This is a great question. Every pharma company should at this point have a social media SOP and this topic should be covered in this*. That said it still amazes me that there are companies out there without suitable SOPs. Another issue is that were SOPs exist they are not widely distributed or made compulsory. This raises huge issues around social media. If a pharma employee uses their private account to share something non-compliant it can have major repercussions for the company. For example someone in marketing tweeting about how great their product is, is a fine just waiting to happen.
The answer to the question though is generally yes. As long as the post remains compliant, in your geography, then you can share it. In fact getting employees to share social media content is a massive opportunity. Consider a disease awareness campaign (i.e. compliant material). If 1000 of your employees share it, that is promotion that did not cost you a thing. The chances are among those 1000 share you will be hitting your target audience.
[*If your company does not have an SOP get in touch! I have written many for pharma companies and happy to help]
If I work with influencers does the content they post have to go through the approval system?
As is so often the case the answer is “it depends”. The easiest answer is that if payment was involved then probably yes. If however they share your content or content about your brand of their own volition, and without being paid to do so, then no. This is why having brand advocates active on social media can be so impactful. As in any industry, or any channel, people who love your brand will champion it with their networks. They can talk about things that we as an industry may not be able to. If they do so unpaid it is a thousand times more impactful. Nonetheless there is a great deal of value to be had in paying influencers too. If you have not considered how to work with influencers maybe it is time you did.
How do I respond to questions and comments?
This is another common question. This has been one of the “scary” things about social media – the fact that people can engage directly with you. We are a highly regulated industry and are restricted in what we can say in public on social media. This has sometimes been taken as an excuse to just ignore questions or comments. Bad move! I compare it to how you might act if someone phoned you. Would you put the phone down on them? Or would you come up with a suitable response? Hopefully the latter! Social media is no different, except that everyone else can see that you ignored that person.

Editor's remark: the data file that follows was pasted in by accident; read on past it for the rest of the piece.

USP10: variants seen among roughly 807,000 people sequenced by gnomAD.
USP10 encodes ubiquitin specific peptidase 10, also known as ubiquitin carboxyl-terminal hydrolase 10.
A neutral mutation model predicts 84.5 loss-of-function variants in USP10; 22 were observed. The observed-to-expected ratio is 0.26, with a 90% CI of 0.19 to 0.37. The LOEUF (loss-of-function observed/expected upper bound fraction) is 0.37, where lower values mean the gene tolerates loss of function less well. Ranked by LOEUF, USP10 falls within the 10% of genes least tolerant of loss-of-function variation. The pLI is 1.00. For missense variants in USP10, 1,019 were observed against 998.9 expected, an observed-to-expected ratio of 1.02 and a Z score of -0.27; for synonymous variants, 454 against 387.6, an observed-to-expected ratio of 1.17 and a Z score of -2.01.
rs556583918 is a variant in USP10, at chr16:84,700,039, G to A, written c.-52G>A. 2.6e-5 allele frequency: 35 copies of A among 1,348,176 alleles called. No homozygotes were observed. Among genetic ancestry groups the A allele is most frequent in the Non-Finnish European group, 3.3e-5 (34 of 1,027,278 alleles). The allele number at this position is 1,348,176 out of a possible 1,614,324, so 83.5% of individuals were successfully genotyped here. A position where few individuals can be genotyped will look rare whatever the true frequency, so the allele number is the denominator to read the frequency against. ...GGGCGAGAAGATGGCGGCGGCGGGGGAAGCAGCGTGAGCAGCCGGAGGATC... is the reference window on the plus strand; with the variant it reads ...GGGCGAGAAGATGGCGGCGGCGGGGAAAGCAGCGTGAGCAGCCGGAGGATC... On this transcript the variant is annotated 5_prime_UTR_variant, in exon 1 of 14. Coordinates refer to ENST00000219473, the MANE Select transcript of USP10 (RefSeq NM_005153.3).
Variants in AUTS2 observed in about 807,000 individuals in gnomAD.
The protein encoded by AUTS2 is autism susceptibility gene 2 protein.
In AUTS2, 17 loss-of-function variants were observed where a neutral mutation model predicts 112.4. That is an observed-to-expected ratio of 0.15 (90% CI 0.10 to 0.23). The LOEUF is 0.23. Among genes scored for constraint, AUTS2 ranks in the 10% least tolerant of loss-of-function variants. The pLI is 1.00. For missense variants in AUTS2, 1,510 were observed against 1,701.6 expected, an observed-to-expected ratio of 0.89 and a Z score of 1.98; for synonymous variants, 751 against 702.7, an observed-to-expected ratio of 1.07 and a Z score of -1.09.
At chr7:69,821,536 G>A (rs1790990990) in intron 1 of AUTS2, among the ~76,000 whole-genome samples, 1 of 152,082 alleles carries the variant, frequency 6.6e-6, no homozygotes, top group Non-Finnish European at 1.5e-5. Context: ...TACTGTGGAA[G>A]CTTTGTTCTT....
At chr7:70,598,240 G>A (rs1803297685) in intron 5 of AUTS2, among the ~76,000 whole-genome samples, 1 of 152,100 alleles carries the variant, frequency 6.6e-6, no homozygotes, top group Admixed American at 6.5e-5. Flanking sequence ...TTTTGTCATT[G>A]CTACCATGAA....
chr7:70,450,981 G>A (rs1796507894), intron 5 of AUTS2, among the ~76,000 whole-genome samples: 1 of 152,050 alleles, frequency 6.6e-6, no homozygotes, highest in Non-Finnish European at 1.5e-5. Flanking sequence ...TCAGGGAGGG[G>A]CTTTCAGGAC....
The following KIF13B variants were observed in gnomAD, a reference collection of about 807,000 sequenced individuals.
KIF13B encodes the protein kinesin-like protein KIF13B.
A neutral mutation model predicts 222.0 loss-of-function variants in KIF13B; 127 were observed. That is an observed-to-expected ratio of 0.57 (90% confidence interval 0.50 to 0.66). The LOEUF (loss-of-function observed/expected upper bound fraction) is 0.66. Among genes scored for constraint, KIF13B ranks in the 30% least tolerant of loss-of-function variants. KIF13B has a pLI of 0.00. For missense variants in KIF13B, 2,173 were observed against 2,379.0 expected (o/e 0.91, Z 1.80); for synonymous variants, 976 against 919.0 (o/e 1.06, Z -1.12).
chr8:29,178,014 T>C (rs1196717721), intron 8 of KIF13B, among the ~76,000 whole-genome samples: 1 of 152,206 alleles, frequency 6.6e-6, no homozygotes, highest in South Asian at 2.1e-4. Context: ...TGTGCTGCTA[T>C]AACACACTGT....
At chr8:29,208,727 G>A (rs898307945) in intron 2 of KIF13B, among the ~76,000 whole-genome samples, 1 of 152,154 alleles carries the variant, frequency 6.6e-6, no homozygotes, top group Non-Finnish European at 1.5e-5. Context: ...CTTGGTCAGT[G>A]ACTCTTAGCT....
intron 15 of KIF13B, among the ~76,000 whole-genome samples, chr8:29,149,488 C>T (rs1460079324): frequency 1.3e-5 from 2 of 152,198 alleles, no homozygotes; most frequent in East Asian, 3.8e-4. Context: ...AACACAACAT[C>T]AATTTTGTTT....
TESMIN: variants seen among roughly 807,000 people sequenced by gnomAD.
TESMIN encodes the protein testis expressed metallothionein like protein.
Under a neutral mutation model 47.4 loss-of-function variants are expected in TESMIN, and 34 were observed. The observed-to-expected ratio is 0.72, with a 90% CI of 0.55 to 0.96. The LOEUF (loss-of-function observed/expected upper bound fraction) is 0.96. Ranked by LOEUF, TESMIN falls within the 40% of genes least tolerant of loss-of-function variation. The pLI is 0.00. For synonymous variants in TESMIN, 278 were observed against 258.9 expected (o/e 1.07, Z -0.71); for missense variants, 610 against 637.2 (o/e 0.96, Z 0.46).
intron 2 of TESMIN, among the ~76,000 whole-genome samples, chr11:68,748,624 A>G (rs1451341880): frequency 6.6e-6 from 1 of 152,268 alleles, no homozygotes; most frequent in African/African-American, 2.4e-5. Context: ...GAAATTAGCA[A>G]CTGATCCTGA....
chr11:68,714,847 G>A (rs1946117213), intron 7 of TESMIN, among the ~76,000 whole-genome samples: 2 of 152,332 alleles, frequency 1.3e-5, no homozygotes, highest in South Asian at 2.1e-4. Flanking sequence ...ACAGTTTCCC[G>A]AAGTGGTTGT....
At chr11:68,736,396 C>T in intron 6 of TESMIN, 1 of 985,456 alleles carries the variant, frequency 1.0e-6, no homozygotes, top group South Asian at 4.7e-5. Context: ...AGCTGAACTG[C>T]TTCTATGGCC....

The secret is being prepared and being human. I always advise my clients to have a list of pre-approved responses for their social media. This means if they get a question they can reply quickly (ideally within 24 hours). These pre-approved responses should include how to respond when you cannot. An example might be to explain that due to regulatory reasons you cannot answer the question on social media – suggest they talk to their doctor. You can also have responses prepared so you can move the discussion out of the public domain. There are then also “holding” responses. These give you time to get back with a more appropriate response. “Thank you for your comment, we’ll get back to you shortly” type answers.
It is also important to always remain human and empathetic. Avoid pharma-speak and you are likely to get better results, particularly if you are trying to deescalate a potential issue.
In fact a number of these responses cover social media best practice. Get back to basics and be prepared. Do your research and understand the channel and the audience. Be engaging and human. Social media is can be a hugely impactful channel. Use it!
If you are not sure how to use it use it or need support with training or other social media materials just get in touch with me.